“It’s different to any English sport I would say. It gets compared to rugby, but the body movement is very different and the hardest part of retention is maintaining enjoyment. If people don’t enjoy the sport then they won’t stick around.”
CHALLENGES FOR YOUNGSTERS
A lack of opportunities for younger talents has also been a significant area that Griffith believes could be improved on. He believes that developing the next generation of talent is important for the British game’s growth.
“The problem with young people picking up the sport is that it’s based on where you live.
“There are a lot of good sides up in London or the North. You have the London Warriors and the London Blitz who have youth sides, and the more you travel to those locations the more opportunities you’ll get for youth development.
“Bournemouth Bobcats had a youth side a few years ago, but the coaches had to give it up. Since then, we’ve never been able to get it back off the ground. We recently joined with Salisbury City, which one of our former players runs. There are also the Poole Dolphins who have started up, so it is starting to get bigger down in the south.”
A further issue with the lack of opportunities in the British youth game is the prospect of players moving abroad to compete. Griffith explained how different countries are attracting the UK’s young players to play in foreign domestic leagues.
“I think the problem with British youth American football is that the youth teams tend to start at the age of 13. There isn’t any way for kids to pick up American football earlier on, which is a barrier for them. Kids can play non-contact rugby until age 12. After that, they start contact and they already have the basic skills.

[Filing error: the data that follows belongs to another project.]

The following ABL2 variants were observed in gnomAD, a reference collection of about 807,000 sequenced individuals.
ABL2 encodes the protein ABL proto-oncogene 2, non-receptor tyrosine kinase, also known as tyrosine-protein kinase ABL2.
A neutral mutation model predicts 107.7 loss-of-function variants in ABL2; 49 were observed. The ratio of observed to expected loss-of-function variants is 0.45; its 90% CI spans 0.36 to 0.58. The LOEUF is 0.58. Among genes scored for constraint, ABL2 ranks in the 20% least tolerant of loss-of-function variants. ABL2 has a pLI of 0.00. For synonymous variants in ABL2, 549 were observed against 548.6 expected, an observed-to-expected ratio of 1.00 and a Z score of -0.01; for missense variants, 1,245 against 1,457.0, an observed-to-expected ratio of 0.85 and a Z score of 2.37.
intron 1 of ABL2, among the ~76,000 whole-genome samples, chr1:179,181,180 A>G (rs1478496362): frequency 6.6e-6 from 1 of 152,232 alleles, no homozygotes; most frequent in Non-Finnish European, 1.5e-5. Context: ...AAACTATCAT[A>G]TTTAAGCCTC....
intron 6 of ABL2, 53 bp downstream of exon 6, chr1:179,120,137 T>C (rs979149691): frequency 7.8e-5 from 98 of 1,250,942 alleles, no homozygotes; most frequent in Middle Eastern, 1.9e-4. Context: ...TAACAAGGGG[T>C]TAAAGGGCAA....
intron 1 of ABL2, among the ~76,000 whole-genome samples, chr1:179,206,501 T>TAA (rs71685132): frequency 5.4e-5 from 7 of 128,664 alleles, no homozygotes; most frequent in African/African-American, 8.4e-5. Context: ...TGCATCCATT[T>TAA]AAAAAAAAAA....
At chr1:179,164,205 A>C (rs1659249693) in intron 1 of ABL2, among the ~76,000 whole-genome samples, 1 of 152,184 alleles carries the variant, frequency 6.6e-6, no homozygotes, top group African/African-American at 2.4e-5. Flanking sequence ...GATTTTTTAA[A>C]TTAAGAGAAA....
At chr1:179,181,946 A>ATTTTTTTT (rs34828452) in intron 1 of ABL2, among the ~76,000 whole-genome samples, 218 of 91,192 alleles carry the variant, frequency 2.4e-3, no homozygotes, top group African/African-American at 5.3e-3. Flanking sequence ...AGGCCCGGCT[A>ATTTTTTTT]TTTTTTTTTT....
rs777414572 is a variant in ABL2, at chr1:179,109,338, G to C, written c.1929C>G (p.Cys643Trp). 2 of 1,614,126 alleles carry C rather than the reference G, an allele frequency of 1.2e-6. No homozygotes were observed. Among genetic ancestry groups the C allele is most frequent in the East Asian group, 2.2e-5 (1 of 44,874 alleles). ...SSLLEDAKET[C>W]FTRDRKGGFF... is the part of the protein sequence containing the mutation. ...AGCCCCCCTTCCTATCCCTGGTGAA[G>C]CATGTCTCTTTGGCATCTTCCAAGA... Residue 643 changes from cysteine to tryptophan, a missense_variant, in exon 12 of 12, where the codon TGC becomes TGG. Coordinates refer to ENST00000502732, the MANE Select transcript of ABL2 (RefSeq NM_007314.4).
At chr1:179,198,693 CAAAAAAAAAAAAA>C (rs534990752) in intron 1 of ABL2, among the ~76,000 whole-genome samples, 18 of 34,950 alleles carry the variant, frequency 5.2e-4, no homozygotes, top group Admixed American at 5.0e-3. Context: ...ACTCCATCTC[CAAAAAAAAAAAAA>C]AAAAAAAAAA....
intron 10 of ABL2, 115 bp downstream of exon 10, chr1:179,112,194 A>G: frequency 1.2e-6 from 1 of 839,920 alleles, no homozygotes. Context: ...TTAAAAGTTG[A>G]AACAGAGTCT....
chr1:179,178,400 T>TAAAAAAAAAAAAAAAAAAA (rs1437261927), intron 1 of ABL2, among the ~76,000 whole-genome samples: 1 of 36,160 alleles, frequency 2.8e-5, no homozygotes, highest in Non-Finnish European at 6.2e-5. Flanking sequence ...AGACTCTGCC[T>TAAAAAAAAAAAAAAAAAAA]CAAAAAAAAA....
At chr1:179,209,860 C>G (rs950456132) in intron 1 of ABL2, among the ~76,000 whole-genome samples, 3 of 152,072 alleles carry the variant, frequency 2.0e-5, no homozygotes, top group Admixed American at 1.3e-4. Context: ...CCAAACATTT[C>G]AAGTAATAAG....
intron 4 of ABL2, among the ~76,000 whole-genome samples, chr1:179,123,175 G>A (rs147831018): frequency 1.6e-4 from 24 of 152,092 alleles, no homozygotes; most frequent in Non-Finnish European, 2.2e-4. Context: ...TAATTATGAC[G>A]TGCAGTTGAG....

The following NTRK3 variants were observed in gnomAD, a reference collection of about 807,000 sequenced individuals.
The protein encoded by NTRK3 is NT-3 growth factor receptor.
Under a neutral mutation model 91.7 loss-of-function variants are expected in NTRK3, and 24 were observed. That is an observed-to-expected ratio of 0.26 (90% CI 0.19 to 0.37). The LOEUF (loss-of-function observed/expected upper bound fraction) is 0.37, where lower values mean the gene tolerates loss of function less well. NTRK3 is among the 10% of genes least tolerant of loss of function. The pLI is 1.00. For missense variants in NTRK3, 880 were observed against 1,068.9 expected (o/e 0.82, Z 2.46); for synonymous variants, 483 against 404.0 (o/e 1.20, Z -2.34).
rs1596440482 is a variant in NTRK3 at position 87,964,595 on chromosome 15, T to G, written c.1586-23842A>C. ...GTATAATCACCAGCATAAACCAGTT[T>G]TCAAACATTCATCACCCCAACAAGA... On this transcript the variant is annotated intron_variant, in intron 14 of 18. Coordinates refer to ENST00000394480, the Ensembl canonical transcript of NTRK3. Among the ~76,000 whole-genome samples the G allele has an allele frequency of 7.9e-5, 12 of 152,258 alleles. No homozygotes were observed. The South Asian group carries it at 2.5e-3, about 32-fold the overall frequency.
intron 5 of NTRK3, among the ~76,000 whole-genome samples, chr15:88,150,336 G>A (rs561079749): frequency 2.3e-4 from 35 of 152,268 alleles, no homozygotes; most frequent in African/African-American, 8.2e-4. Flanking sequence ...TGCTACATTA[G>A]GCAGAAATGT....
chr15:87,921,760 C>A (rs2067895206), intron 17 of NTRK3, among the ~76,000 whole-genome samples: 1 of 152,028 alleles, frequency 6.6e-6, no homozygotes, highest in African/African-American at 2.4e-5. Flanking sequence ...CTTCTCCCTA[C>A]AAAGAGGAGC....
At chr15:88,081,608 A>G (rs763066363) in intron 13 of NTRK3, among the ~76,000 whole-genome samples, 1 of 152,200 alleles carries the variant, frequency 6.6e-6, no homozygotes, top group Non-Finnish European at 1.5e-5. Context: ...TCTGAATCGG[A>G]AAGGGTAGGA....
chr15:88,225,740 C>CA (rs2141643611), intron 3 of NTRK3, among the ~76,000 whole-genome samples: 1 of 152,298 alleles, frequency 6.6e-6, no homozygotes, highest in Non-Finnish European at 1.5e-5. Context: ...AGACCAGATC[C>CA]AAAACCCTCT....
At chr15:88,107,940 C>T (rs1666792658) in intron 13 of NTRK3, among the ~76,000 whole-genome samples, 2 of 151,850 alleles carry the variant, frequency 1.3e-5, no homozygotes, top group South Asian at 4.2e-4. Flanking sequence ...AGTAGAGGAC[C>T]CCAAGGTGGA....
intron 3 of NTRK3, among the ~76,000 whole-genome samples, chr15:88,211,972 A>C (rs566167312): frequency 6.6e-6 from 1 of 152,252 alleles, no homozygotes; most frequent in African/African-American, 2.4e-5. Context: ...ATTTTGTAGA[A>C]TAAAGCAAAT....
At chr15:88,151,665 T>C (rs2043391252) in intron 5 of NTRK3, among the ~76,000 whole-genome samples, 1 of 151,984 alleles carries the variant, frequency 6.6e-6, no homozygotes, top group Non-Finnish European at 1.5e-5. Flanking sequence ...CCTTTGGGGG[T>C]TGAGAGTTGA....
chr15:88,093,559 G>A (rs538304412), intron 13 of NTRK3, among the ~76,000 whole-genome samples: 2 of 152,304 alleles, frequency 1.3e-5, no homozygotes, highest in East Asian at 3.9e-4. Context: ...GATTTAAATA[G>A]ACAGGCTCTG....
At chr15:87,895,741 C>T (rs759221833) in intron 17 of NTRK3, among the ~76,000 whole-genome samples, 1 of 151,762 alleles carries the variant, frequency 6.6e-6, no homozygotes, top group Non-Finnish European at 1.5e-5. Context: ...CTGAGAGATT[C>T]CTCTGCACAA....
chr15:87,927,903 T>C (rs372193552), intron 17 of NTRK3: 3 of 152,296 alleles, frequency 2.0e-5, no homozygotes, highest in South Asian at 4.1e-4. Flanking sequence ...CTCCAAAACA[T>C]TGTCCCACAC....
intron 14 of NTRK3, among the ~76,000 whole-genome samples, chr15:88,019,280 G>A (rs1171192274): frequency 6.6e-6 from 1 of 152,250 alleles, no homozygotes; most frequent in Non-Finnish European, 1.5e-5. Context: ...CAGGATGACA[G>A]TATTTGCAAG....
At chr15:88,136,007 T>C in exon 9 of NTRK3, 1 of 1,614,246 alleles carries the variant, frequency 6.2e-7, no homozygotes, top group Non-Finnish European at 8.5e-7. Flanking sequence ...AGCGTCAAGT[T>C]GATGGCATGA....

“Then we have the emergence of the NFL Academy and Bristol Pride who are scholarship youth colleges. They feed into America essentially. So, the idea is that these players are top crop in the youth sides, and they have the chance of having scouts and getting trials over in America and Europe.
“The pinnacle of the sport is the NFL in America — that’s what everyone wants to go to. In Europe, the pinnacle is the GFL (the German Football League). That’s the highest level of American football outside America and Canada.
“If you’re really good and based in the UK, you’ll most likely go to the GFL. But that’s mainly because they can get paid, receive a package, accommodation, get fed, and so on.”
“The thing with British American football is that they don’t allow imports. So players from different countries can’t come to the UK to play American Football and be funded essentially.
“It’s amateur, and I think the biggest stumbling block is that it’s amateur until they can tip the scales and make the British American Football better. At the moment, if you’re really good at American football in the UK, you’re going to Germany. You’re not going to stick around because you’ll have better prospects abroad.
HOPES FOR THE FUTURE OF BRITISH AMERICAN FOOTBALL
Despite some of the difficulties that are associated with the British game, Griffith is hopeful that the sport will develop into a top-level sport within the UK.
“I think BAFA are doing very well with just trying to build from the bottom up,” he said.
“They’re improving coaches and that can only lead to further improving the players. So I’m hoping we get to a point where the sport is more on a national front and they look at changing it from amateur to semi-pro.
“Maybe in a few years, we will look at bringing in imports and make the Premiership a league that people are proud of. Hopefully we can get there.”